“The Iron Lady” (2011). Cast: Meryl Streep, Jim Broadbent, Olivia Colman, Anthony Head, Alexandra Roach, Harry Lloyd, Nicholas Farrell. Director: Phyllida Lloyd. Screenplay: Abi Morgan. http://weinsteinco.com/sites/iron-lady/
One of the hallmark principles of contemporary metaphysical thought is that we each create our own reality (and in a highly personal way, I might add) through our beliefs and intents. But, as widely as this notion has been embraced, rarely has it been portrayed cinematically as eloquently as it is in the new biographical character study, “The Iron Lady.”The film examines the life of former British Prime Minister Margaret Thatcher (1979-1990) (Meryl Streep) from the protagonist’s personal perspective. As the picture opens, we see the “Iron Lady” (a nickname the P.M. earned for her rigidly conservative political views, particularly regarding Communism) as an elderly recluse, her mental and physical health failing after a series of small strokes. She’s prone to engaging in lengthy conversations with her husband, Denis (Jim Broadbent), who died many years before but somehow manages to “appear” on cue. She seems adrift in delusion, detached from most everyone, including those attempting to care for her, such as her daughter Carol (Olivia Colman) and an assortment of domestic, personal and medical handlers.
After years of floating about in this psychological fog, however, Margaret quietly starts taking steps to get her life back. She embarks on this process by deciding—finally—to sort through and dispense with the personal effects of her late husband, possessions that she’s been holding onto for years. But, by doing this, she opens a Pandora’s Box of memories of her personal and political life. Recollections of her past relentlessly come flooding back to her (an experience not unlike the so-called “life review” that many contend we go through after we pass on). This deluge of memories forces Margaret to come to grips with what she’s done, for better or worse, as well as the rewards she received and the prices she paid for her successes and failures, both personally and politically.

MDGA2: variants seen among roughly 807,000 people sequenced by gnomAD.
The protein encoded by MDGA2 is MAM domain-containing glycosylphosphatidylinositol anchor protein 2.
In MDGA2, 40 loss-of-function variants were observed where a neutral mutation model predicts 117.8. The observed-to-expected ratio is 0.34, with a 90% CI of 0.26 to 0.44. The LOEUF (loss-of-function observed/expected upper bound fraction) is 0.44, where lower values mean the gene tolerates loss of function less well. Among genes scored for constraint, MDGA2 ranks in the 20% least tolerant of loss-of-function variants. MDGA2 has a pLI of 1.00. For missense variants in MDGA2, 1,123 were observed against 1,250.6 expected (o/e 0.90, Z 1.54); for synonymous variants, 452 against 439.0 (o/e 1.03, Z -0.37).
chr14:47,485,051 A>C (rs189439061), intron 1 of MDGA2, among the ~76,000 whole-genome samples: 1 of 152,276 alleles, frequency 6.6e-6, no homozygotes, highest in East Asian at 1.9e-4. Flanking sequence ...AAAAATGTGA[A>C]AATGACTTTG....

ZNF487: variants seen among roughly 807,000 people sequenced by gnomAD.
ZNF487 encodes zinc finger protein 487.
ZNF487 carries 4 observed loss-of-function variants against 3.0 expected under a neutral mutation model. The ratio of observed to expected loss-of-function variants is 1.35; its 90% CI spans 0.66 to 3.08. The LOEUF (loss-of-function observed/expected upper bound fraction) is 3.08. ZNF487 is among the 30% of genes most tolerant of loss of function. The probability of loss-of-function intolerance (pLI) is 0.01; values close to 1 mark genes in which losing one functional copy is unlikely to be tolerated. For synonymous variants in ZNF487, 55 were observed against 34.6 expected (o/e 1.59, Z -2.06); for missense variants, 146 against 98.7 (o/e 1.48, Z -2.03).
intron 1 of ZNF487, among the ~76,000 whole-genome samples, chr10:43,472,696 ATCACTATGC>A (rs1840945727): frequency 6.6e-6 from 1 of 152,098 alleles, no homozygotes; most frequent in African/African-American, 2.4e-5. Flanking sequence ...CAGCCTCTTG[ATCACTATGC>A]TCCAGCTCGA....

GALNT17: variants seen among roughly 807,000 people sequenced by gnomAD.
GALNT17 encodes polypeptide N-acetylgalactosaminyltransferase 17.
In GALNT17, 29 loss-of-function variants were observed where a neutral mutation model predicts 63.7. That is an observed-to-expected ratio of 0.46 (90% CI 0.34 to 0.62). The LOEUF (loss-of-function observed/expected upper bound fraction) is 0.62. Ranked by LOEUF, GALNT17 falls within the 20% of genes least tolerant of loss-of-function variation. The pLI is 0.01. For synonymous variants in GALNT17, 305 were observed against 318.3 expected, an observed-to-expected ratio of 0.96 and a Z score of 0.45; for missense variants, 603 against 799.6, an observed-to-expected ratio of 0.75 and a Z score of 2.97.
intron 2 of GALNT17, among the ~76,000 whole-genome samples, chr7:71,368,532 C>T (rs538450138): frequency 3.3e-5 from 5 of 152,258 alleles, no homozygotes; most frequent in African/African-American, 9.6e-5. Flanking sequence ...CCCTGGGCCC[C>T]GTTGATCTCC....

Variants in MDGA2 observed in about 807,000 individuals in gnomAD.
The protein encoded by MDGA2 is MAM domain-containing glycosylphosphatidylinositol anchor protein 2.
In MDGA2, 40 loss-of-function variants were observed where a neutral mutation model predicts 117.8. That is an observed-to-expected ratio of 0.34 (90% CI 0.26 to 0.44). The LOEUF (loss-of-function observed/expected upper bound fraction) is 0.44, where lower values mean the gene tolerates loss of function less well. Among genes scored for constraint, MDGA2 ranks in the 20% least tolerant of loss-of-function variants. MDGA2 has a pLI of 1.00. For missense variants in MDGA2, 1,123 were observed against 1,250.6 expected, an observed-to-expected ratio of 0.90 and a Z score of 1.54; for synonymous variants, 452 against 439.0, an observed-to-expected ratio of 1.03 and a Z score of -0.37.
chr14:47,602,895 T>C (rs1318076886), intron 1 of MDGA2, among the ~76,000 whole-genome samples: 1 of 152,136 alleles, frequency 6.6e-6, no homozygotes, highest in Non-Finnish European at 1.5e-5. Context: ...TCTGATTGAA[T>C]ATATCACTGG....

Through flashbacks, we see Margaret’s younger self (Alexandra Roach) as a clerk in the family grocery during World War II, as an outspoken aspiring politician in post-war England and as the love interest of the successful young businessman who would become her eventual husband (Harry Lloyd). From there we witness her rise through the ranks of British government, first as a member of Parliament, then as Secretary of State for Education and Science, then as leader of the Conservative Party, and eventually as England’s longest-serving Prime Minister of the Twentieth Century (and the first woman ever to hold that office).
Once in power, we witness the challenges Margaret faced in dealing with such issues as Britain’s labor unions, the sagging English economy, the Falklands War with Argentina, the terrorist attacks of the Irish Republican Army (which took the life of her trusted advisor, Airey Neave (Nicholas Farrell), and nearly cost Margaret her own life through an unsuccessful assassination attempt), and heady international affairs involving the European Union and the end of the Cold War. And, through it all, we see the depth of her famous (or infamous) steely resolve to see her plans through.
On her climb up the ladder of success, Margaret triumphantly overcomes the many roadblocks thrown up by the privileged Parliamentary old boys’ club, obstacles intentionally designed to thwart the upward mobility of women and those of middle class background. But, in spite of her successes, Margaret also paid some high prices for her accomplishments. While she had her allies, she also made her share of enemies in government, the international arena and the public at large. Her family life frequently took a back seat to her public calling, straining relationships with her children and even her beloved Denis. And eventually she paid a tremendous price politically, when her inflexibility cost her the support of longstanding ally Geoffrey Howe (Anthony Head), her control of the Conservative Party and, in the end, the leadership of her country. It’s these costs that the elder Margaret must come to terms with as she struggles to take back her life.